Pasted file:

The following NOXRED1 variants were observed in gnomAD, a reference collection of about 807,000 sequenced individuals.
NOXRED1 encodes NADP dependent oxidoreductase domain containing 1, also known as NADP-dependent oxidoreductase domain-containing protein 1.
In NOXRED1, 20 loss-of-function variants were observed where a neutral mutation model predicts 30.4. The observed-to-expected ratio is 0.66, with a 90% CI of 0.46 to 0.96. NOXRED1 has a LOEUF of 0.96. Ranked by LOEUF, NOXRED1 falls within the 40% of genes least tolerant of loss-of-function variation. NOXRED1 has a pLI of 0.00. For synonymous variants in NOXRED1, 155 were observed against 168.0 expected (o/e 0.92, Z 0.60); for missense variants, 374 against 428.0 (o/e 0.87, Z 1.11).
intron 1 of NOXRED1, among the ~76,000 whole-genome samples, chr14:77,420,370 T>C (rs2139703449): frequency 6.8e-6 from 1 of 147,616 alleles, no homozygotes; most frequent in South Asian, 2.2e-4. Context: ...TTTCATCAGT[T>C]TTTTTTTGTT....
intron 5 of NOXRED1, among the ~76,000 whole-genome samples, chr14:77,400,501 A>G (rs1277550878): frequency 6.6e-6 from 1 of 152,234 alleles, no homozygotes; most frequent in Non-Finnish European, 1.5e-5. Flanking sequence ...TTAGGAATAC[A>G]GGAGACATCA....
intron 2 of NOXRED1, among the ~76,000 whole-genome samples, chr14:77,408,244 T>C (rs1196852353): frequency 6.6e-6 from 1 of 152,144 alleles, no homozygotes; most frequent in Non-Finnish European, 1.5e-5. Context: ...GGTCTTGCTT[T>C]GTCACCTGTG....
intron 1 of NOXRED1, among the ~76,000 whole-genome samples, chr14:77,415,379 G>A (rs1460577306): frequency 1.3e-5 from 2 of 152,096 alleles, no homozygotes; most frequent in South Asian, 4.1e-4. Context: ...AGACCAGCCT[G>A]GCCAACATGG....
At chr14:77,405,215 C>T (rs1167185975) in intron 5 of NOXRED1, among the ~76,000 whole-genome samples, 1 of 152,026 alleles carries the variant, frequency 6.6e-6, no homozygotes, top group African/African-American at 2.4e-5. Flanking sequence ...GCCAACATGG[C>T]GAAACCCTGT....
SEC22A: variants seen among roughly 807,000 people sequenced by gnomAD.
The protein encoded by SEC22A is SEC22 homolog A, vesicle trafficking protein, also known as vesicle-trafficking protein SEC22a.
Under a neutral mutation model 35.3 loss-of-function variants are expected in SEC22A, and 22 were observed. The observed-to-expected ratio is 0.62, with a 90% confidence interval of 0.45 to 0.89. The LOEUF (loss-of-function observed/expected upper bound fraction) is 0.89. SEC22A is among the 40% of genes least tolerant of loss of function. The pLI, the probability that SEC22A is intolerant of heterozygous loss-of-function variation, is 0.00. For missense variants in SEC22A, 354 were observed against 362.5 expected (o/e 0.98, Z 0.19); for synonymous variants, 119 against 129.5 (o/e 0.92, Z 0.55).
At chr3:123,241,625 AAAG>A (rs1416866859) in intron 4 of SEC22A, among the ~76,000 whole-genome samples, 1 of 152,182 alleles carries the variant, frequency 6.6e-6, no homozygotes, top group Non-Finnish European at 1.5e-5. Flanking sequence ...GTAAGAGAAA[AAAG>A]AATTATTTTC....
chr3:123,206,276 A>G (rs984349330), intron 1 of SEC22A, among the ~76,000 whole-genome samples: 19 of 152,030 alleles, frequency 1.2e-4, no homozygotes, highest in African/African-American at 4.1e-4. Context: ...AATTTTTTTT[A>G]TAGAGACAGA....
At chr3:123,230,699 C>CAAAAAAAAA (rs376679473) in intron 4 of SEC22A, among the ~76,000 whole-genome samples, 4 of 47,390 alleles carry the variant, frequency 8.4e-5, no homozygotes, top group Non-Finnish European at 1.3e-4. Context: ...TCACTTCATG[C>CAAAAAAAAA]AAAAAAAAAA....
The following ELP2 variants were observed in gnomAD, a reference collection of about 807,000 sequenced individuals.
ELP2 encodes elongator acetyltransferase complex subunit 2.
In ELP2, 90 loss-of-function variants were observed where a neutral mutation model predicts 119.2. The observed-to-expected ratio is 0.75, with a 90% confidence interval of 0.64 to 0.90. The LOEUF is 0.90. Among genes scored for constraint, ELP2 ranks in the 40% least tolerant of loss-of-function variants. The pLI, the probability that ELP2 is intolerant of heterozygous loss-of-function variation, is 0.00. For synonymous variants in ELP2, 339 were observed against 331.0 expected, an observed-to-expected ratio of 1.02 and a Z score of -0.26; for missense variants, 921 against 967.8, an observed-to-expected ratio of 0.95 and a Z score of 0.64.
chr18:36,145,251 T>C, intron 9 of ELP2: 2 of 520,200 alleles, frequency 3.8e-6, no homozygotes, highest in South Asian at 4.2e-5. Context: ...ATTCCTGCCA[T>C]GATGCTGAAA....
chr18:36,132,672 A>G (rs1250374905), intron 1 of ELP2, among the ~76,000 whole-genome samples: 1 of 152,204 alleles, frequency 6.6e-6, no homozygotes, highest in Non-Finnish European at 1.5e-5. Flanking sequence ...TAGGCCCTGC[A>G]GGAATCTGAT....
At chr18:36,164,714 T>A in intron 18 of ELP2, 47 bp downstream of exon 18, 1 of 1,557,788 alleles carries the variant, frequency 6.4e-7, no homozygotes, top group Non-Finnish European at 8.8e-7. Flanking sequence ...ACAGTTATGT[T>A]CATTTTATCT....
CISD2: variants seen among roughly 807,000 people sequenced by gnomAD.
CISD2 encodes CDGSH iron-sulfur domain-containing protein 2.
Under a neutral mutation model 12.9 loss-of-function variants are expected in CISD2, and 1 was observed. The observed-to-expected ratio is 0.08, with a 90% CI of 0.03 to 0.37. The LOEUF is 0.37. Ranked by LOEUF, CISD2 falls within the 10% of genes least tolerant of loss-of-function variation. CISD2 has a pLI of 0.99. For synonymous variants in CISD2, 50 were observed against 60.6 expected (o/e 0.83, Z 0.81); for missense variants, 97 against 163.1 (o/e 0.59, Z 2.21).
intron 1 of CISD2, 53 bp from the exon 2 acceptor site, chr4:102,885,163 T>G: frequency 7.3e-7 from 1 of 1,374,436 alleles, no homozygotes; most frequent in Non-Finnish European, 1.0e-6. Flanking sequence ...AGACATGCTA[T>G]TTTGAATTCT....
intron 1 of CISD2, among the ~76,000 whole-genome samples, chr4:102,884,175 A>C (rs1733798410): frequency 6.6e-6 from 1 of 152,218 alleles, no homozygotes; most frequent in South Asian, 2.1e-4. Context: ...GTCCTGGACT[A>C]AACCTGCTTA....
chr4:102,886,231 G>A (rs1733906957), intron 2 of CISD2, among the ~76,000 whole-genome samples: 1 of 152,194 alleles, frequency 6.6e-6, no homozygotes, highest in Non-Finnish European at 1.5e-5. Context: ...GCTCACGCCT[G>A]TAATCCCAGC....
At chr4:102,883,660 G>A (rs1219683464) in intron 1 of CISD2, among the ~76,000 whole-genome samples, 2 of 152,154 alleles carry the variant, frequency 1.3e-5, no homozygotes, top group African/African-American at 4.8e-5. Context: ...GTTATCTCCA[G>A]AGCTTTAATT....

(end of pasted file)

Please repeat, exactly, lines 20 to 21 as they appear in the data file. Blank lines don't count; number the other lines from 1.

At chr18:36,164,714 T>A in intron 18 of ELP2, 47 bp downstream of exon 18, 1 of 1,557,788 alleles carries the variant, frequency 6.4e-7, no homozygotes, top group Non-Finnish European at 8.8e-7. Flanking sequence ...ACAGTTATGT[T>A]CATTTTATCT....
CISD2: variants seen among roughly 807,000 people sequenced by gnomAD.